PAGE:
In a recent speech, ATO’s Second Commissioner of Client Engagement, Jeremy Hirschhorn, outlined the expectations of businesses during the COVID era and warns against using loopholes to obtain benefits from government stimulus packages. He noted that while companies are largely compliant with 92.5% voluntary compliance at lodgment and 96.3% after compliance activity, the ATO is seeking to increase the percentages to 96% and 98% respectively.
According to the ATO, those businesses accessing government stimulus packages should not only follow tax law, but also the spirit of the law. It notes for example although there was nothing explicit in the stimulus measure rules that prevented companies from paying executive bonuses or paying shareholders while accessing these benefits, it urged companies to “consider the optics” of such a move.
In addition, the ATO notes that the other measures encouraging businesses to invest, including the immediate deduction for assets and carry back losses should only be used by businesses for the purposes which they were introduced.
Businesses are discouraged from entering into artificial mechanisms to take advantage of the measures. For example, structured transactions where the plant and equipment are not actually used in the business, intellectual property migration with no change in real activity, asset swaps with related parties etc. Similarly, loss carry back should not be used to artificially shift profits (and losses) around company groups.
Further, companies with complicated tax situations that find themselves under audit, are encouraged by the ATO to “Open communication, engagement and transparency [which] creates space for the parties to work better together to resolve differences and even in circumstances where resolution is not achieved, refine and narrow the issue in dispute”.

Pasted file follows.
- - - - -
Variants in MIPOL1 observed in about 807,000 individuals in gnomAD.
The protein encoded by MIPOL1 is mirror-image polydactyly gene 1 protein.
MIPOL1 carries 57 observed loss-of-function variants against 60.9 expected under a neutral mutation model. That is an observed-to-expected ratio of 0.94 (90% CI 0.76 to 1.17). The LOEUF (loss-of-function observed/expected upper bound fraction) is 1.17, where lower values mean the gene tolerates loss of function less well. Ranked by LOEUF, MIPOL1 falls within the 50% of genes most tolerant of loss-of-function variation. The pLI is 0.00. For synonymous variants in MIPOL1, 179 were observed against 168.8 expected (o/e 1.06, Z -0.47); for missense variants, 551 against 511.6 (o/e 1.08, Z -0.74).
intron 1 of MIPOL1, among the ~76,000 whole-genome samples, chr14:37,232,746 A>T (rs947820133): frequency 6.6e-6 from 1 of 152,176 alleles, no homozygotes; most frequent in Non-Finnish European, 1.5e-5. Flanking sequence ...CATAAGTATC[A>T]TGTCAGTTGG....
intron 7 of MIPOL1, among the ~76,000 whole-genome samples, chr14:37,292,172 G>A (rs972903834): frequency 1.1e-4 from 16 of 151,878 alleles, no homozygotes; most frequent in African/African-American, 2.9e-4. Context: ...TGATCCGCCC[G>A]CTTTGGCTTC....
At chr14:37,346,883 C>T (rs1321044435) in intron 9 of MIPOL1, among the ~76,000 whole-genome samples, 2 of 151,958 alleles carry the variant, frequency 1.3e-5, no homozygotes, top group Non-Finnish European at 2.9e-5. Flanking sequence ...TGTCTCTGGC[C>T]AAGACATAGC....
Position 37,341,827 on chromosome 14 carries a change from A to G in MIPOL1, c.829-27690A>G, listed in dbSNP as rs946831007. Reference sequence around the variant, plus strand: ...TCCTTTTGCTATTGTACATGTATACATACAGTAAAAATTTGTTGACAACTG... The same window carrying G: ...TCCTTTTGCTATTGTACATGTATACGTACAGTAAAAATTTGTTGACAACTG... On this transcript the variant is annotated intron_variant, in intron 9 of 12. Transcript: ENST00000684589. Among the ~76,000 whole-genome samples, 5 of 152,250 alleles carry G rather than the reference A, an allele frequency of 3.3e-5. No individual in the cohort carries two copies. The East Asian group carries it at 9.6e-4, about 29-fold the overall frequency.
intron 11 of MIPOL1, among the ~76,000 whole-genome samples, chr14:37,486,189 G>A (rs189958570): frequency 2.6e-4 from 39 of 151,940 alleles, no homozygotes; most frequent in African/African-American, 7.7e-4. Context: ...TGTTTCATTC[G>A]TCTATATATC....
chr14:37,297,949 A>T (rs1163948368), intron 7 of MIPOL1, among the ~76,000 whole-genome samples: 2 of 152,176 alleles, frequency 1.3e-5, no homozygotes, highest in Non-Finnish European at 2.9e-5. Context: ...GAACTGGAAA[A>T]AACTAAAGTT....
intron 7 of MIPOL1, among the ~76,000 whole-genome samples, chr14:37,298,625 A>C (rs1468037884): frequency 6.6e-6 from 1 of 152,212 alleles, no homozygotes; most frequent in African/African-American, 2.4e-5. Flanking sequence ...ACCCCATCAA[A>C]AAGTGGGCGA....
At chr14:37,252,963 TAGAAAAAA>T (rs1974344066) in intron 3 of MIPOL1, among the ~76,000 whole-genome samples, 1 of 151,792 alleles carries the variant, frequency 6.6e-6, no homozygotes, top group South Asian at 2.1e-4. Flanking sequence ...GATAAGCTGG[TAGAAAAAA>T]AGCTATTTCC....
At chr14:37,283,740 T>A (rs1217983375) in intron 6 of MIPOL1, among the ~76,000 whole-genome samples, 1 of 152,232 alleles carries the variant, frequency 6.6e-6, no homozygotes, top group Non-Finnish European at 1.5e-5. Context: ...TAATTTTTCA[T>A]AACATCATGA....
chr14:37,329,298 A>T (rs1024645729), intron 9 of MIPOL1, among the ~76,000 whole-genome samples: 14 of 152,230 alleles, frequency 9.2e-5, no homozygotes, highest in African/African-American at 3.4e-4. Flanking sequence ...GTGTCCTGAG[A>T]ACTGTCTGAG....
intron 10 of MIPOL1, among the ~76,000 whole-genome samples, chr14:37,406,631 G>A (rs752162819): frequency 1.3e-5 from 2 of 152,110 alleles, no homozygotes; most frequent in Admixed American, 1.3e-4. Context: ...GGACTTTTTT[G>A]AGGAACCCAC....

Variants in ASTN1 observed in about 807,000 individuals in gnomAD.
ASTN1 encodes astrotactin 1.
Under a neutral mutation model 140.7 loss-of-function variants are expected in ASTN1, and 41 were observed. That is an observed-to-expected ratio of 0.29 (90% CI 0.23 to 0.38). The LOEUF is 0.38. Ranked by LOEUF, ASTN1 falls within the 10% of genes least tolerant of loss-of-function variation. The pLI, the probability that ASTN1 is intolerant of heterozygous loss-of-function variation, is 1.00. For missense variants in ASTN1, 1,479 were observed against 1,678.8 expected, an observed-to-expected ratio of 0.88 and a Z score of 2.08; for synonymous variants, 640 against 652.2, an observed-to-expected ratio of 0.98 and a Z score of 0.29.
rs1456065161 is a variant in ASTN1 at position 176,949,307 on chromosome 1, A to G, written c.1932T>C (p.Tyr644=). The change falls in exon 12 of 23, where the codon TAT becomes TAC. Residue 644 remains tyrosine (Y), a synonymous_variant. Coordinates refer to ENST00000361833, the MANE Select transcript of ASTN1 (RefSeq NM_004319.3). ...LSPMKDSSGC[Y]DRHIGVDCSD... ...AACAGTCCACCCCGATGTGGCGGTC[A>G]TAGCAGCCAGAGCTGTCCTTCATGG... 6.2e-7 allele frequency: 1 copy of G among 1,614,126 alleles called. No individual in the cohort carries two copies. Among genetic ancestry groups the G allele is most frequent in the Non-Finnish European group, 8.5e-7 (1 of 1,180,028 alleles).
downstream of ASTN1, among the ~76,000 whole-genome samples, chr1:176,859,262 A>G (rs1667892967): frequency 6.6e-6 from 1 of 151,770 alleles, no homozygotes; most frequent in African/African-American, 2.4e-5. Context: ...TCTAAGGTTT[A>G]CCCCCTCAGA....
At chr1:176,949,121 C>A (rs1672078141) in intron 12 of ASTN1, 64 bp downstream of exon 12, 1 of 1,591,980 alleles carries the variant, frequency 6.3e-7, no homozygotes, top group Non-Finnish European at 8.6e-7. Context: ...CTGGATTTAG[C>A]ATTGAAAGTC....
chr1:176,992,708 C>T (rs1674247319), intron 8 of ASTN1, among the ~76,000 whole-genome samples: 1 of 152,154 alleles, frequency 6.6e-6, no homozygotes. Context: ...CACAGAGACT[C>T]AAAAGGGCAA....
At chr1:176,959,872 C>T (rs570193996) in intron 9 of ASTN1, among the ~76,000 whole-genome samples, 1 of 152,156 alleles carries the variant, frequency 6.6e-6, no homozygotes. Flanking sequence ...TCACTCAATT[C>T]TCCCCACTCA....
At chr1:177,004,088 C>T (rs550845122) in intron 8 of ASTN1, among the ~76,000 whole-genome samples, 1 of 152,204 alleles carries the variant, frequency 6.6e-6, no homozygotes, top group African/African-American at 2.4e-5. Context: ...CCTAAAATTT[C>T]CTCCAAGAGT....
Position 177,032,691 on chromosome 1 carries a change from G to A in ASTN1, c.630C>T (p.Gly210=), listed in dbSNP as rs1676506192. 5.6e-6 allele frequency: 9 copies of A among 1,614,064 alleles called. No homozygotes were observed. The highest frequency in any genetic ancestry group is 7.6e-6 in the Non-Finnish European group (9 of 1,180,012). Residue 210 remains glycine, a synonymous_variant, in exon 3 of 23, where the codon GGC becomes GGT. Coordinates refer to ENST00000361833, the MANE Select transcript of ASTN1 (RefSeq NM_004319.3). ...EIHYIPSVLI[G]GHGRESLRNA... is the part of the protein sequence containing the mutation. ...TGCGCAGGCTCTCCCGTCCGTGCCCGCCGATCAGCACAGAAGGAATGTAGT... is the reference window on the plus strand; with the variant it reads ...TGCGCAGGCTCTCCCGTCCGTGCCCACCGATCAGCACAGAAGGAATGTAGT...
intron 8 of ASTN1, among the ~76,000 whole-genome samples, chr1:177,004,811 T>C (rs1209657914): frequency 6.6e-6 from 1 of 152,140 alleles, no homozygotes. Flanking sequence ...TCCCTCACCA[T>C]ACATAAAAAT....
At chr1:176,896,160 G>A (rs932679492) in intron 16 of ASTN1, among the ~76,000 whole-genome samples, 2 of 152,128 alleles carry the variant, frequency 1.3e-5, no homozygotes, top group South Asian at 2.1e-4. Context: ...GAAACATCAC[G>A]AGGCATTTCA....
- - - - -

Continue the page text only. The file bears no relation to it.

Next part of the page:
The ATO encourages corporate taxpayers to use information published by the ATO to compare their performance against those of their peers in relation to income tax. It also urges those taxpayers to use its GST analytic tool which allows businesses to reconcile financial statements to BASs thus identifying and testing appropriateness of variations or differences, as well as its GST best practice governance guide.
For businesses unsure of the certainty of their material tax positions, the ATO encourages obtaining assurance commensurate with importance. For example, if the tax position the business has taken is a key piece of the corporate infrastructure, then a private binding ruling should be sought. Mr Hirschhorn notes that it is “an unambiguously bad idea to rely on non-detection by the ATO”.
Businesses have been entrusted by the government with leading economic recovery with a range of stimulus measures, according to the ATO, and with it comes increased expectations around corporate behaviour including tax. Ultimately, it says a tax system is about underpinning a country’s social contract, by collecting the revenue that funds its program and services.